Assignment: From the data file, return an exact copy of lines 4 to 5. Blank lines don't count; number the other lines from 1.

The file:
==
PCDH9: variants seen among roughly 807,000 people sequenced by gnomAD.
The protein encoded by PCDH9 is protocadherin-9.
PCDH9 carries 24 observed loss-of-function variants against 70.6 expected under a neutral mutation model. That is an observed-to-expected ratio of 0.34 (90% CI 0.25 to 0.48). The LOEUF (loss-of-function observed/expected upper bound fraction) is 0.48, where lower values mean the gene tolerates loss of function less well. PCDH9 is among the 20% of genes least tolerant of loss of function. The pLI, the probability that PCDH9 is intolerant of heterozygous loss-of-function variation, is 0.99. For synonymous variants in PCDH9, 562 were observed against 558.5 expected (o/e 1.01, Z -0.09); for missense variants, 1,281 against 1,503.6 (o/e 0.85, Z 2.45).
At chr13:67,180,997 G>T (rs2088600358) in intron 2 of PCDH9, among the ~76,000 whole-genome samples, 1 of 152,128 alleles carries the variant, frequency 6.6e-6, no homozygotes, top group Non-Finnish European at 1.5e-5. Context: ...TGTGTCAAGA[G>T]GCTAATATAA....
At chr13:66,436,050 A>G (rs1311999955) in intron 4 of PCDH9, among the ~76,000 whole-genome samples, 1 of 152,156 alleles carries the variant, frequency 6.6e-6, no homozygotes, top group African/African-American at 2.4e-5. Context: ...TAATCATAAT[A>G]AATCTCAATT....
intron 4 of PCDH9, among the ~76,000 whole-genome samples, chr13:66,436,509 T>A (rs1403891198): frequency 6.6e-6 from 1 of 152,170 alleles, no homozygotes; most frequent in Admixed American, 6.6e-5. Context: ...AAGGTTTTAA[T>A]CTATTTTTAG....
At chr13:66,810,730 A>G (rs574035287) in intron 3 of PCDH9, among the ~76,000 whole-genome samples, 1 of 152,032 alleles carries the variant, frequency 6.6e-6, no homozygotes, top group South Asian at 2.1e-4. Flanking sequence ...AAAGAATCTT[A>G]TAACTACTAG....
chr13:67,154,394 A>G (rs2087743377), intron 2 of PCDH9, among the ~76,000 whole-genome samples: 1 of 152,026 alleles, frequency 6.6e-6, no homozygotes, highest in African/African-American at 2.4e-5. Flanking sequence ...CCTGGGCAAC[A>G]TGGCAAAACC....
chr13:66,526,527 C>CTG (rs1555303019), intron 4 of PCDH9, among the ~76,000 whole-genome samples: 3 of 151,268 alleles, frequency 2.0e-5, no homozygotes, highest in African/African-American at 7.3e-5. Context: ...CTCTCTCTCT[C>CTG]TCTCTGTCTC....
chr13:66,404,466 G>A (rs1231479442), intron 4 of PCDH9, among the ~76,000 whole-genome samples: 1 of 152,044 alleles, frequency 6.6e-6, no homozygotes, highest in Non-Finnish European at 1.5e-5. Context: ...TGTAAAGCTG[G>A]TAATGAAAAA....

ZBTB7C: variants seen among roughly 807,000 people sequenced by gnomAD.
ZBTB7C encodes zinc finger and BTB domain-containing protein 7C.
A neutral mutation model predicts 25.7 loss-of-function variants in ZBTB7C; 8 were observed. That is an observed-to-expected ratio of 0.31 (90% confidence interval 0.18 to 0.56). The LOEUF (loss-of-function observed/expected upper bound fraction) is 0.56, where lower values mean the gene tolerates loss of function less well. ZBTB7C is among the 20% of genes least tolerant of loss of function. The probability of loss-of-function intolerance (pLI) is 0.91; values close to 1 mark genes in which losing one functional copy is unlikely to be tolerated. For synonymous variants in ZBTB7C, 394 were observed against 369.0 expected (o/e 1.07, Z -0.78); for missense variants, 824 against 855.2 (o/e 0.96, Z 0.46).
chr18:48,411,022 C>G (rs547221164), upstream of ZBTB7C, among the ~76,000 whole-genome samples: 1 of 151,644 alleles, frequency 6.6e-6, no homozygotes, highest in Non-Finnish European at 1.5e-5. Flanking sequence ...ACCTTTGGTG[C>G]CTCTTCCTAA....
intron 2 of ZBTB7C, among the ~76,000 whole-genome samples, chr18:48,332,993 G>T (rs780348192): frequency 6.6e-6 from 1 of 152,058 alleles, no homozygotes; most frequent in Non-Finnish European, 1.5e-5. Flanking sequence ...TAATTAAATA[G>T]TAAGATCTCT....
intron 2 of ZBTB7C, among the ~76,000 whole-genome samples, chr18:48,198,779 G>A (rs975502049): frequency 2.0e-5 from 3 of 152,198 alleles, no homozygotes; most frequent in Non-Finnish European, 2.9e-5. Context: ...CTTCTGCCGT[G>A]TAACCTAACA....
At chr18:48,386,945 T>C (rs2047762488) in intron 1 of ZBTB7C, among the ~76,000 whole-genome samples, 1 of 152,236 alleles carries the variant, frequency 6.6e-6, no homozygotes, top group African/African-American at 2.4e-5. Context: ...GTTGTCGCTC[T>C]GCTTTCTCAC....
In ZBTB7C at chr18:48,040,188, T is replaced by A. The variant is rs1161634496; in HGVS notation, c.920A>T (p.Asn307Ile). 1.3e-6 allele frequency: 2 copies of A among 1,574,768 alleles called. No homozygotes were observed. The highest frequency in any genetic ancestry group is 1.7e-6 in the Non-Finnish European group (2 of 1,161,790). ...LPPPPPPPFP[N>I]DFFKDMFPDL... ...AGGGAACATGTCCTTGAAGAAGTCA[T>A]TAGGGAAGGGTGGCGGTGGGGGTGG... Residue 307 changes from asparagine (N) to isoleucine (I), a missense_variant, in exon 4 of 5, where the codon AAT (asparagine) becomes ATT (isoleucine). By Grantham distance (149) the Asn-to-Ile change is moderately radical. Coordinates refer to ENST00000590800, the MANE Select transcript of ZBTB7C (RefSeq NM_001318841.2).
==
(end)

At chr13:67,180,997 G>T (rs2088600358) in intron 2 of PCDH9, among the ~76,000 whole-genome samples, 1 of 152,128 alleles carries the variant, frequency 6.6e-6, no homozygotes, top group Non-Finnish European at 1.5e-5. Context: ...TGTGTCAAGA[G>T]GCTAATATAA....
At chr13:66,436,050 A>G (rs1311999955) in intron 4 of PCDH9, among the ~76,000 whole-genome samples, 1 of 152,156 alleles carries the variant, frequency 6.6e-6, no homozygotes, top group African/African-American at 2.4e-5. Context: ...TAATCATAAT[A>G]AATCTCAATT....